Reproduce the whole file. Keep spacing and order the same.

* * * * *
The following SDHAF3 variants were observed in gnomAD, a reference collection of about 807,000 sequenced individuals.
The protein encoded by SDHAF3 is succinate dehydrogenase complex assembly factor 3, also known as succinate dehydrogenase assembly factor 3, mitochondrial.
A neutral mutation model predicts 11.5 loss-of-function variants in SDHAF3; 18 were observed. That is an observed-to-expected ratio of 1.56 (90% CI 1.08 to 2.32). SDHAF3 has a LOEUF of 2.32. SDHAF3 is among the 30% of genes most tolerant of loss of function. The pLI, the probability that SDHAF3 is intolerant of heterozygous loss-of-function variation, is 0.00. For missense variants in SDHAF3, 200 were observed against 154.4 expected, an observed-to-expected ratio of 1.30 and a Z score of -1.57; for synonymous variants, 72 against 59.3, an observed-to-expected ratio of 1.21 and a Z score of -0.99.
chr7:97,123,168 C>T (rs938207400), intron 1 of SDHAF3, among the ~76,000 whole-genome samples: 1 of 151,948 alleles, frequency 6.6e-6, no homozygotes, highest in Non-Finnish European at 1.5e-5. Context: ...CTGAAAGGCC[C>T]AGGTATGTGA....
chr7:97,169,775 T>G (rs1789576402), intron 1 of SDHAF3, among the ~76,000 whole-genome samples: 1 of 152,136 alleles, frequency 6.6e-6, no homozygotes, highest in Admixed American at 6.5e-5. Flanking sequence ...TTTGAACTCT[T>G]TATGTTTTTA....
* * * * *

The following SDHAF3 variants were observed in gnomAD, a reference collection of about 807,000 sequenced individuals.
The protein encoded by SDHAF3 is succinate dehydrogenase complex assembly factor 3, also known as succinate dehydrogenase assembly factor 3, mitochondrial.
A neutral mutation model predicts 11.5 loss-of-function variants in SDHAF3; 18 were observed. That is an observed-to-expected ratio of 1.56 (90% CI 1.08 to 2.32). SDHAF3 has a LOEUF of 2.32. SDHAF3 is among the 30% of genes most tolerant of loss of function. The pLI, the probability that SDHAF3 is intolerant of heterozygous loss-of-function variation, is 0.00. For missense variants in SDHAF3, 200 were observed against 154.4 expected, an observed-to-expected ratio of 1.30 and a Z score of -1.57; for synonymous variants, 72 against 59.3, an observed-to-expected ratio of 1.21 and a Z score of -0.99.
chr7:97,123,168 C>T (rs938207400), intron 1 of SDHAF3, among the ~76,000 whole-genome samples: 1 of 151,948 alleles, frequency 6.6e-6, no homozygotes, highest in Non-Finnish European at 1.5e-5. Context: ...CTGAAAGGCC[C>T]AGGTATGTGA....
chr7:97,169,775 T>G (rs1789576402), intron 1 of SDHAF3, among the ~76,000 whole-genome samples: 1 of 152,136 alleles, frequency 6.6e-6, no homozygotes, highest in Admixed American at 6.5e-5. Flanking sequence ...TTTGAACTCT[T>G]TATGTTTTTA....